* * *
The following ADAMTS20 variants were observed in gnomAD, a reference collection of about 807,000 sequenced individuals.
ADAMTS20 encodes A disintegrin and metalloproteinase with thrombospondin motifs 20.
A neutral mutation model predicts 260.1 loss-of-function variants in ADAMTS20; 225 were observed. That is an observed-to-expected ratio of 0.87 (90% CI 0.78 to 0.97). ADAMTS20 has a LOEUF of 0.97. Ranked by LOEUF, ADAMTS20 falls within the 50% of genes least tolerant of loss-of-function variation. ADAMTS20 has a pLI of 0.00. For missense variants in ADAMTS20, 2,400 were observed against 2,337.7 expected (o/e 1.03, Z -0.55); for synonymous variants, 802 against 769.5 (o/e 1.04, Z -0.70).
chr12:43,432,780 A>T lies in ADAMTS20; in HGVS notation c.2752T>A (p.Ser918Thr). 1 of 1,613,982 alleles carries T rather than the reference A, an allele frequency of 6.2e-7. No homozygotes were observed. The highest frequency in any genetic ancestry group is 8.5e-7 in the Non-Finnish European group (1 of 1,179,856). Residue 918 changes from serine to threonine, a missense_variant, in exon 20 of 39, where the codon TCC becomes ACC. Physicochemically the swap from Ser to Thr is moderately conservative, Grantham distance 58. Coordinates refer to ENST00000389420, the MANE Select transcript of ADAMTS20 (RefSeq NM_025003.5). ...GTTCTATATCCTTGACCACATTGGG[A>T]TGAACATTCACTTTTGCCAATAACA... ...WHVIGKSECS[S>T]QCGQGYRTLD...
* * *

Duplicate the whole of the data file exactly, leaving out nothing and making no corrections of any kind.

The following ADAMTS20 variants were observed in gnomAD, a reference collection of about 807,000 sequenced individuals.
ADAMTS20 encodes A disintegrin and metalloproteinase with thrombospondin motifs 20.
A neutral mutation model predicts 260.1 loss-of-function variants in ADAMTS20; 225 were observed. That is an observed-to-expected ratio of 0.87 (90% CI 0.78 to 0.97). ADAMTS20 has a LOEUF of 0.97. Ranked by LOEUF, ADAMTS20 falls within the 50% of genes least tolerant of loss-of-function variation. ADAMTS20 has a pLI of 0.00. For missense variants in ADAMTS20, 2,400 were observed against 2,337.7 expected (o/e 1.03, Z -0.55); for synonymous variants, 802 against 769.5 (o/e 1.04, Z -0.70).
chr12:43,432,780 A>T lies in ADAMTS20; in HGVS notation c.2752T>A (p.Ser918Thr). 1 of 1,613,982 alleles carries T rather than the reference A, an allele frequency of 6.2e-7. No homozygotes were observed. The highest frequency in any genetic ancestry group is 8.5e-7 in the Non-Finnish European group (1 of 1,179,856). Residue 918 changes from serine to threonine, a missense_variant, in exon 20 of 39, where the codon TCC becomes ACC. Physicochemically the swap from Ser to Thr is moderately conservative, Grantham distance 58. Coordinates refer to ENST00000389420, the MANE Select transcript of ADAMTS20 (RefSeq NM_025003.5). ...GTTCTATATCCTTGACCACATTGGG[A>T]TGAACATTCACTTTTGCCAATAACA... ...WHVIGKSECS[S>T]QCGQGYRTLD...